FOURTH TEST IT CUMMIN! WARNER SIGNS ARE NOT GOOD

Sunday Mirror (Northern Ireland) - - Sport - BY GIDEON BROOKS

FIRST the bad news: had Eng­land taken their pick of which of the three sand­pa­per vil­lains to dom­i­nate this sum­mer, it would not have been Cameron Ban­croft or David Warner.

With­out much shadow of doubt, it would have been Steve Smith whose bril­liance may yet dic­tate the destiny of the urn.

But the good news, in terms of neu­tral­is­ing the threats sys­tem­at­i­cally one by one, is that yesterday proved that only the for­mer cap­tain re­mains.

Ban­croft is long gone if he was ever re­ally here – dropped af­ter the sec­ond Test with 44 runs in four in­nings to his name and seen since in a hi-vis bib fer­ry­ing drinks and gloves to and fro.

Af­ter yesterday the chance of Warner (above, left) join­ing him at The Oval in­creased sig­nif­i­cantly when the bats­man slumped to a first pair of his Test ca­reer.

Warner has had a tor­rid time of it this sum­mer with a half cen­tury in the first in­nings at Lords stand­ing like a lone high rise in a desert of dross.

And if one man has put him there it is Stu­art Broad (right) who yesterday pinned him hope­lessly plumb to take his wicket for the sixth time this series, the third time in suc­ces­sion for a duck.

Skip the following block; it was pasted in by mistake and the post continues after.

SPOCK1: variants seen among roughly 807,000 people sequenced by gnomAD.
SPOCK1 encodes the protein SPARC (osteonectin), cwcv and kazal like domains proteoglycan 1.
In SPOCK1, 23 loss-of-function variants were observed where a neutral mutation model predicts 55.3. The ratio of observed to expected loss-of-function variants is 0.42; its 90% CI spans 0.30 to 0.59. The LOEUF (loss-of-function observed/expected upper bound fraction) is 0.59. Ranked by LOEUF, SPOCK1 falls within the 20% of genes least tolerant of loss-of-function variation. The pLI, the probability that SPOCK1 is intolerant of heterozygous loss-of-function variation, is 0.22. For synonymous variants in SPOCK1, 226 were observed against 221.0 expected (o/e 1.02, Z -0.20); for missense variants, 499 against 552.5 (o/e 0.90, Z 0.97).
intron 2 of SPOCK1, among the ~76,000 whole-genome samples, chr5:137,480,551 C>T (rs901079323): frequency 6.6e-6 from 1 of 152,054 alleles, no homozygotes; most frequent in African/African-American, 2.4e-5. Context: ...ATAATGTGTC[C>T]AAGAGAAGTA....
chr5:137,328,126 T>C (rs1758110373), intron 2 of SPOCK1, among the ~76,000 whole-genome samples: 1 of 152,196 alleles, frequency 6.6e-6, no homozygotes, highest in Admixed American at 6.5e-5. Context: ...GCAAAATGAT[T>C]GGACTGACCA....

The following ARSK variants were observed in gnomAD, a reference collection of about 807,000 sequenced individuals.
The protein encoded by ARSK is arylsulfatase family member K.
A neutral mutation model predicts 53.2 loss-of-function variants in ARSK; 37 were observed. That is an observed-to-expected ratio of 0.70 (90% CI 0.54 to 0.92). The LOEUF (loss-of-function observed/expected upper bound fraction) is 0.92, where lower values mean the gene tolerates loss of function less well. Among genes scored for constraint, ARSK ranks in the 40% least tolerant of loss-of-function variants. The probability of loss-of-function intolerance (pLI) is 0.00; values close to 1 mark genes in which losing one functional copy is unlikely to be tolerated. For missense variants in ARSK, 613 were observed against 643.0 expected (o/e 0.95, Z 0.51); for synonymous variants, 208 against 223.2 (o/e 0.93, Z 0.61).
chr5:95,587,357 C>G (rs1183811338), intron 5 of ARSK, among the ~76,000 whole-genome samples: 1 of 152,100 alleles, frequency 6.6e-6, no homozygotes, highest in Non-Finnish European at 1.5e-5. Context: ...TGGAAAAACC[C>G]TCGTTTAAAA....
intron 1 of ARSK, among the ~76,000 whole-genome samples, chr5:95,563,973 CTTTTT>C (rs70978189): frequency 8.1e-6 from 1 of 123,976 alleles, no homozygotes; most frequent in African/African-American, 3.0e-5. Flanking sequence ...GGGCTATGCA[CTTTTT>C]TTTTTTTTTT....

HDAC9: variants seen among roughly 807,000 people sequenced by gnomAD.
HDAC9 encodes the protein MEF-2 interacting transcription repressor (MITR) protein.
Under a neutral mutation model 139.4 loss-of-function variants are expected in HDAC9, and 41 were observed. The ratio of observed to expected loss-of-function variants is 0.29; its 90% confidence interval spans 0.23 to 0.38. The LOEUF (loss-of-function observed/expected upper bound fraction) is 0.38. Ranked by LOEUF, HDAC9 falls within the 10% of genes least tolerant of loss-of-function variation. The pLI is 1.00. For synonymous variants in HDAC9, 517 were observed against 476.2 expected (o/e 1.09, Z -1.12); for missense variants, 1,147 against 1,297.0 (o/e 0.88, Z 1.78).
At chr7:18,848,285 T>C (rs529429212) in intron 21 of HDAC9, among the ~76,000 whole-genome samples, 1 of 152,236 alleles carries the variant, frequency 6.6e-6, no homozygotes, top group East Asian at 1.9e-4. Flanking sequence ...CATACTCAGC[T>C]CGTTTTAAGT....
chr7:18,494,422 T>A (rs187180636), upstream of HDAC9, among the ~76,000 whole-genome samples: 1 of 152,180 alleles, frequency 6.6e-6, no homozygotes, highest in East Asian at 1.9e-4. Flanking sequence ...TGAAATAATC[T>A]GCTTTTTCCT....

Broad’s sub­ju­ga­tion of the opener has built dur­ing this series as Warner has re­treated into his shell. He now has his wicket 11 times in 22 Tests, more than any other bowler.

He has had no an­swer to early swing par­tic­u­larly with Broad bowl­ing fuller for longer in this series than at any other time dur­ing his ca­reer.

Yesterday’s dis­missal fol­lowed an all too fa­mil­iar pat­tern but the re­ac­tion was ex­ag­ger­ated – a smil­ing res­ig­na­tion as he rested on his bat as if he knows he is beaten.

Where Smith has risen to the chal­lenge of si­lenc­ing the crowds, Warner has just worn his sack­cloth and ashes up and down the coun­try with a weary gri­mace. He looks cowed, his ap­petite for the fight dimmed.

Aside from South Africa, Bangladesh and the UAE, his re­turns over­seas have never been as good as those back home.

In 2013 he posted 138 at 23 in three Ashes Tests here, in 2015 he pro­duced an im­pres­sive 418 at 46. So far Broad has en­sured his threat has been nul­li­fied with 79 runs at 9.8 per visit to the crease.

If Aus­tralia can se­cure the Ashes here at Old Traf­ford some time to­day, the opener will point to the vic­tory of the col­lec­tive as proof of his re­ha­bil­i­ta­tion.

But he will also be thank­ful that most likely he will not have to face the tall

Eng­land bowler in an Ashes series again.

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